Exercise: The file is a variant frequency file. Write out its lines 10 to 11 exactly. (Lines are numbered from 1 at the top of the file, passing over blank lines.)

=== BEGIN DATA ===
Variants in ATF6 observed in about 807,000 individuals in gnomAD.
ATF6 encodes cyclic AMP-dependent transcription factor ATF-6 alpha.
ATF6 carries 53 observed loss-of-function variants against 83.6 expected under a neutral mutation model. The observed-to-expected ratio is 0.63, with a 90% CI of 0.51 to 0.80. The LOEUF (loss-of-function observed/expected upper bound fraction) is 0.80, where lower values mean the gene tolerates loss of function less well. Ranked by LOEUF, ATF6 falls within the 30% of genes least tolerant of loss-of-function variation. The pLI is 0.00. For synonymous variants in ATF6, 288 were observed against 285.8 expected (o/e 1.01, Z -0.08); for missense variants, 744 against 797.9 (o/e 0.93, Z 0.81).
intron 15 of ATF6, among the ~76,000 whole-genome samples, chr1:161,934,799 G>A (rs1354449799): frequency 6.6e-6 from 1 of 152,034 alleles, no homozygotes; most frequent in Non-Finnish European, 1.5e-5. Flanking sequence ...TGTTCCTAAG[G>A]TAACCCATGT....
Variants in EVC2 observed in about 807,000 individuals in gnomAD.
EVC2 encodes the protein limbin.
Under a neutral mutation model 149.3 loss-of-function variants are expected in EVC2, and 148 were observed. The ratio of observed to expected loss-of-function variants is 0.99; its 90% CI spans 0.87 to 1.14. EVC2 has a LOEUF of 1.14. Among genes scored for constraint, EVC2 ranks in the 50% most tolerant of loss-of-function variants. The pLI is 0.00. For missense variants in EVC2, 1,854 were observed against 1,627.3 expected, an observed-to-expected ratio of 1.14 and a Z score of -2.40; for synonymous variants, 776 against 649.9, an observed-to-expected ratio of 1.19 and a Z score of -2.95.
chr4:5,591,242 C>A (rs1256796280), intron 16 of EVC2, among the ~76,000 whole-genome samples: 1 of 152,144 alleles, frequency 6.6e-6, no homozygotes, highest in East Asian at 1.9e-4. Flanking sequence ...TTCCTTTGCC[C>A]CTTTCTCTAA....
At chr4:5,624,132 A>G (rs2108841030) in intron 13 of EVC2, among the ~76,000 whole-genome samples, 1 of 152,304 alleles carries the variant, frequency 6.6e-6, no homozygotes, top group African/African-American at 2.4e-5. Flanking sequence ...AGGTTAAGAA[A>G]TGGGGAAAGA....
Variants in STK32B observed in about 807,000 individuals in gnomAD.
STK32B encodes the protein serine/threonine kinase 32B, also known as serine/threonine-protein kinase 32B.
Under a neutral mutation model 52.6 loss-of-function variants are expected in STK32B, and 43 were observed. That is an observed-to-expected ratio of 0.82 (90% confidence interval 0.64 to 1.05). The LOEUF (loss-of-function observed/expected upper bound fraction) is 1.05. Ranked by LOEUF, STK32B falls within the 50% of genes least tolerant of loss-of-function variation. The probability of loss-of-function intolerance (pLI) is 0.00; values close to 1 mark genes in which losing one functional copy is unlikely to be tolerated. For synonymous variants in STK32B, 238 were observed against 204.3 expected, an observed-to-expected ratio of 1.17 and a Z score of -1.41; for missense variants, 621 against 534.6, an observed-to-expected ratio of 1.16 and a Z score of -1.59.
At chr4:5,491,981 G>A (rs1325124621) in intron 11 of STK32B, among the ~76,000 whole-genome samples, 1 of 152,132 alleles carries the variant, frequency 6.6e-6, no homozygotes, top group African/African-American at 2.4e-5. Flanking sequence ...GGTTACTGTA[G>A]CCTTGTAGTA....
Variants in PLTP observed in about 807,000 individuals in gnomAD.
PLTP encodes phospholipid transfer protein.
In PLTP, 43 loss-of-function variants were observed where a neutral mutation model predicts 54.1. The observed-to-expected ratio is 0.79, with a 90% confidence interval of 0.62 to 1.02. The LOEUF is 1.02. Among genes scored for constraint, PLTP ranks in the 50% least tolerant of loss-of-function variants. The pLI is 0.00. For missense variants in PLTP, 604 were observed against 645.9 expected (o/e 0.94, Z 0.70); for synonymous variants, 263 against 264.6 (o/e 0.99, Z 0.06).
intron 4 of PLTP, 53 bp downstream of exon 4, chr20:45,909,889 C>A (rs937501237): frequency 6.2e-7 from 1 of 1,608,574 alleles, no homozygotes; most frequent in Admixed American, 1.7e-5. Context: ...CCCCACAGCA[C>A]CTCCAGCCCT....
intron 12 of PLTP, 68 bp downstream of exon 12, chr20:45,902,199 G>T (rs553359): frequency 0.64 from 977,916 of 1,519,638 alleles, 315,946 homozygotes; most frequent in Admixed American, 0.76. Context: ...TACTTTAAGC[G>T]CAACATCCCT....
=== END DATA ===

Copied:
Variants in STK32B observed in about 807,000 individuals in gnomAD.
STK32B encodes the protein serine/threonine kinase 32B, also known as serine/threonine-protein kinase 32B.